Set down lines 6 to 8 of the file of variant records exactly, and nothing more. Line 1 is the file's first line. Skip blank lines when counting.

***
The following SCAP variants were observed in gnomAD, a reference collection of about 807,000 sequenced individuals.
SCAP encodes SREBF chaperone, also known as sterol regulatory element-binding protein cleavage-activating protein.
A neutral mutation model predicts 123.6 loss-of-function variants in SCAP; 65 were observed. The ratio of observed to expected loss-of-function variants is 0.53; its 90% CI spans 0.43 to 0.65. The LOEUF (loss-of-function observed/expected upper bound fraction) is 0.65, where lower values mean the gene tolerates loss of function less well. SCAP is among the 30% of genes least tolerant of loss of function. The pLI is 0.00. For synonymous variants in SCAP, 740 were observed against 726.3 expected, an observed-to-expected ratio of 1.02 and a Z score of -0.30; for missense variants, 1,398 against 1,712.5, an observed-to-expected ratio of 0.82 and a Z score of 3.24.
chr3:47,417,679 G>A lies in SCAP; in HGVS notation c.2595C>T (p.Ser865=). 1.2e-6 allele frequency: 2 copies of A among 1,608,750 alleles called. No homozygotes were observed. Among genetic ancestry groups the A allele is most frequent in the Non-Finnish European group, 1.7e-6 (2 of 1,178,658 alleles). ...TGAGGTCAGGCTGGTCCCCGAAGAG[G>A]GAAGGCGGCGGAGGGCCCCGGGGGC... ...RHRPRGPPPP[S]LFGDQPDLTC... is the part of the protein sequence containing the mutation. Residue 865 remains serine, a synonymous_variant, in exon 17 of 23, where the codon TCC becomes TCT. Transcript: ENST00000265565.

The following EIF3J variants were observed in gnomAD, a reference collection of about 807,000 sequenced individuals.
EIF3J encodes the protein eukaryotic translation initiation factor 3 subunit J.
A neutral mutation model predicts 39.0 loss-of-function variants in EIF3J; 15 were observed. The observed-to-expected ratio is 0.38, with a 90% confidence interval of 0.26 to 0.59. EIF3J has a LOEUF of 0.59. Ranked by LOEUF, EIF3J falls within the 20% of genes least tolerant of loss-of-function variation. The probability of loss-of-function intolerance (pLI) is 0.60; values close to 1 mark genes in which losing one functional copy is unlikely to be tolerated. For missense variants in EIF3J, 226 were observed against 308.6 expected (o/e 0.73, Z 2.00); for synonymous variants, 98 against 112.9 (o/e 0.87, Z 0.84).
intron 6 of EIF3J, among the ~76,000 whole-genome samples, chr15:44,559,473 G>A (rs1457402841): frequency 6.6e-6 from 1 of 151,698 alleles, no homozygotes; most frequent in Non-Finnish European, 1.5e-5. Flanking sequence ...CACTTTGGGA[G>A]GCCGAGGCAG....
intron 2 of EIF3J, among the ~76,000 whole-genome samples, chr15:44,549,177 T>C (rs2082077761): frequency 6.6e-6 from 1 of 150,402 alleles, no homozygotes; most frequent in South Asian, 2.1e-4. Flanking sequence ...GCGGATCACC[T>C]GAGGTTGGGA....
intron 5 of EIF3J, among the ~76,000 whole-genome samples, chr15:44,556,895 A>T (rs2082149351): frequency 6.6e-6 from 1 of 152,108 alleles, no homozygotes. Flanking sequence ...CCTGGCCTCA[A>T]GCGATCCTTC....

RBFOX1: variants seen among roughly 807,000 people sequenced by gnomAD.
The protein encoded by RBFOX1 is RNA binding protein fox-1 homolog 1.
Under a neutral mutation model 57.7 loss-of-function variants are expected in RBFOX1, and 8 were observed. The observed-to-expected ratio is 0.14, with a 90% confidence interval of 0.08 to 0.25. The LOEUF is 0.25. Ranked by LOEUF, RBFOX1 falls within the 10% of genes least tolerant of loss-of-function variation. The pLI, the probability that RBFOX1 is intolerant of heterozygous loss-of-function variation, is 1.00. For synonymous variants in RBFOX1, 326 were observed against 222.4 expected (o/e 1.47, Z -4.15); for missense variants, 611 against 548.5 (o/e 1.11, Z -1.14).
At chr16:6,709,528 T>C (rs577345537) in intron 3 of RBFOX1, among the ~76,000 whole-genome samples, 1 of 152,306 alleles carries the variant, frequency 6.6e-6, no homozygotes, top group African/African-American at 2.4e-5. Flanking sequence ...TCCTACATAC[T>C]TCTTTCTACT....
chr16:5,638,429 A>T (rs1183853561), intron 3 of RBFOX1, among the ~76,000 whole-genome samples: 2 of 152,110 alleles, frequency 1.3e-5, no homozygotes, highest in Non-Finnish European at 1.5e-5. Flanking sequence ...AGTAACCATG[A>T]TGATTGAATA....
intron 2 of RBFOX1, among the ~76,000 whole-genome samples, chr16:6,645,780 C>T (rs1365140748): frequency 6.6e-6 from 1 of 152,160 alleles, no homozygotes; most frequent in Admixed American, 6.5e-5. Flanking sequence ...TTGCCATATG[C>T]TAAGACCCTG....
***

EIF3J encodes the protein eukaryotic translation initiation factor 3 subunit J.
A neutral mutation model predicts 39.0 loss-of-function variants in EIF3J; 15 were observed. The observed-to-expected ratio is 0.38, with a 90% confidence interval of 0.26 to 0.59. EIF3J has a LOEUF of 0.59. Ranked by LOEUF, EIF3J falls within the 20% of genes least tolerant of loss-of-function variation. The probability of loss-of-function intolerance (pLI) is 0.60; values close to 1 mark genes in which losing one functional copy is unlikely to be tolerated. For missense variants in EIF3J, 226 were observed against 308.6 expected (o/e 0.73, Z 2.00); for synonymous variants, 98 against 112.9 (o/e 0.87, Z 0.84).
intron 6 of EIF3J, among the ~76,000 whole-genome samples, chr15:44,559,473 G>A (rs1457402841): frequency 6.6e-6 from 1 of 151,698 alleles, no homozygotes; most frequent in Non-Finnish European, 1.5e-5. Flanking sequence ...CACTTTGGGA[G>A]GCCGAGGCAG....